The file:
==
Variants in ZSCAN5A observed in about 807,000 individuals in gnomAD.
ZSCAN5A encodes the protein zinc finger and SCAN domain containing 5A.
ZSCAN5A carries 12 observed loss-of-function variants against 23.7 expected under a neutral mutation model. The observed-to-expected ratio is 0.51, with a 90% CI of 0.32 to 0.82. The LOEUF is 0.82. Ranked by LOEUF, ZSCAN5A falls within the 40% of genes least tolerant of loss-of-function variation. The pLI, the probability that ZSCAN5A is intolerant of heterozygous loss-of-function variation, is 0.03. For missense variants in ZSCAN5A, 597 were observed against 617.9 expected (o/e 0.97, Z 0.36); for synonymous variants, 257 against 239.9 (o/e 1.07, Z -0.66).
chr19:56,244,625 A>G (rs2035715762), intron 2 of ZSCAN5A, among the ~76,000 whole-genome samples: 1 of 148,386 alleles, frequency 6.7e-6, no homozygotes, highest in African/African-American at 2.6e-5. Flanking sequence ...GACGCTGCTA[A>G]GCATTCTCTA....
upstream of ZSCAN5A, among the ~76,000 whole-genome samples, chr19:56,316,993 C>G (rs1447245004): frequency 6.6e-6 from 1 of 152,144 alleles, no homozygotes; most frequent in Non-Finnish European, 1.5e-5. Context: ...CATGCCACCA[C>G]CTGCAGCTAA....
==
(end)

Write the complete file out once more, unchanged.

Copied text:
Variants in ZSCAN5A observed in about 807,000 individuals in gnomAD.
ZSCAN5A encodes the protein zinc finger and SCAN domain containing 5A.
ZSCAN5A carries 12 observed loss-of-function variants against 23.7 expected under a neutral mutation model. The observed-to-expected ratio is 0.51, with a 90% CI of 0.32 to 0.82. The LOEUF is 0.82. Ranked by LOEUF, ZSCAN5A falls within the 40% of genes least tolerant of loss-of-function variation. The pLI, the probability that ZSCAN5A is intolerant of heterozygous loss-of-function variation, is 0.03. For missense variants in ZSCAN5A, 597 were observed against 617.9 expected (o/e 0.97, Z 0.36); for synonymous variants, 257 against 239.9 (o/e 1.07, Z -0.66).
chr19:56,244,625 A>G (rs2035715762), intron 2 of ZSCAN5A, among the ~76,000 whole-genome samples: 1 of 148,386 alleles, frequency 6.7e-6, no homozygotes, highest in African/African-American at 2.6e-5. Flanking sequence ...GACGCTGCTA[A>G]GCATTCTCTA....
upstream of ZSCAN5A, among the ~76,000 whole-genome samples, chr19:56,316,993 C>G (rs1447245004): frequency 6.6e-6 from 1 of 152,144 alleles, no homozygotes; most frequent in Non-Finnish European, 1.5e-5. Context: ...CATGCCACCA[C>G]CTGCAGCTAA....